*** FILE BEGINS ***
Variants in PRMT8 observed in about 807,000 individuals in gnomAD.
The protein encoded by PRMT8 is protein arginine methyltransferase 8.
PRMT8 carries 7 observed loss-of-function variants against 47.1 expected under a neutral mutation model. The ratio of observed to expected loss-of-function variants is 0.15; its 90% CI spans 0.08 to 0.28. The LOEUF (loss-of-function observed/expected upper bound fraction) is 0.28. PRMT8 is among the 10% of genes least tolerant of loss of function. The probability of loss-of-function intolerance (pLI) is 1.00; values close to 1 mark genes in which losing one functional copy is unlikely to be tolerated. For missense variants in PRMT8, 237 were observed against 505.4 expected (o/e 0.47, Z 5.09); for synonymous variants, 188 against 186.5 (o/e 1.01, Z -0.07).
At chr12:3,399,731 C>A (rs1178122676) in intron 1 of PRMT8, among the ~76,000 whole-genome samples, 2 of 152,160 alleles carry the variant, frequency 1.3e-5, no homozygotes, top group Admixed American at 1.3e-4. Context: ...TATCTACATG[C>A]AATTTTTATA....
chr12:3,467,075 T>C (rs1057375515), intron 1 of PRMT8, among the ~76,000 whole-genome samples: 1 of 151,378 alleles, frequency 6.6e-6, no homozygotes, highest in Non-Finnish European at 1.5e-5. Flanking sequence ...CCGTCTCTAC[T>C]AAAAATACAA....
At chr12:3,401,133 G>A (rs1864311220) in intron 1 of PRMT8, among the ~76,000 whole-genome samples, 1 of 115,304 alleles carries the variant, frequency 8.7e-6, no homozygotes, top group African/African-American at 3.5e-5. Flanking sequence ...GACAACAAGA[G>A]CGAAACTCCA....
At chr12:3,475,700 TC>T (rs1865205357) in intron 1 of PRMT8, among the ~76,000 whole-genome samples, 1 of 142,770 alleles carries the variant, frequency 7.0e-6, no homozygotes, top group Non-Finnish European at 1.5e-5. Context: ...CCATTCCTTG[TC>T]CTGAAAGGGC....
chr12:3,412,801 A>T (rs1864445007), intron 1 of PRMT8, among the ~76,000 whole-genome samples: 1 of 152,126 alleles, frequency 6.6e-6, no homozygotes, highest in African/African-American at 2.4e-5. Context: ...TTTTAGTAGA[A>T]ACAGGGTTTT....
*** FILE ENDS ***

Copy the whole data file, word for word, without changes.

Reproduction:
Variants in PRMT8 observed in about 807,000 individuals in gnomAD.
The protein encoded by PRMT8 is protein arginine methyltransferase 8.
PRMT8 carries 7 observed loss-of-function variants against 47.1 expected under a neutral mutation model. The ratio of observed to expected loss-of-function variants is 0.15; its 90% CI spans 0.08 to 0.28. The LOEUF (loss-of-function observed/expected upper bound fraction) is 0.28. PRMT8 is among the 10% of genes least tolerant of loss of function. The probability of loss-of-function intolerance (pLI) is 1.00; values close to 1 mark genes in which losing one functional copy is unlikely to be tolerated. For missense variants in PRMT8, 237 were observed against 505.4 expected (o/e 0.47, Z 5.09); for synonymous variants, 188 against 186.5 (o/e 1.01, Z -0.07).
At chr12:3,399,731 C>A (rs1178122676) in intron 1 of PRMT8, among the ~76,000 whole-genome samples, 2 of 152,160 alleles carry the variant, frequency 1.3e-5, no homozygotes, top group Admixed American at 1.3e-4. Context: ...TATCTACATG[C>A]AATTTTTATA....
chr12:3,467,075 T>C (rs1057375515), intron 1 of PRMT8, among the ~76,000 whole-genome samples: 1 of 151,378 alleles, frequency 6.6e-6, no homozygotes, highest in Non-Finnish European at 1.5e-5. Flanking sequence ...CCGTCTCTAC[T>C]AAAAATACAA....
At chr12:3,401,133 G>A (rs1864311220) in intron 1 of PRMT8, among the ~76,000 whole-genome samples, 1 of 115,304 alleles carries the variant, frequency 8.7e-6, no homozygotes, top group African/African-American at 3.5e-5. Flanking sequence ...GACAACAAGA[G>A]CGAAACTCCA....
At chr12:3,475,700 TC>T (rs1865205357) in intron 1 of PRMT8, among the ~76,000 whole-genome samples, 1 of 142,770 alleles carries the variant, frequency 7.0e-6, no homozygotes, top group Non-Finnish European at 1.5e-5. Context: ...CCATTCCTTG[TC>T]CTGAAAGGGC....
chr12:3,412,801 A>T (rs1864445007), intron 1 of PRMT8, among the ~76,000 whole-genome samples: 1 of 152,126 alleles, frequency 6.6e-6, no homozygotes, highest in African/African-American at 2.4e-5. Context: ...TTTTAGTAGA[A>T]ACAGGGTTTT....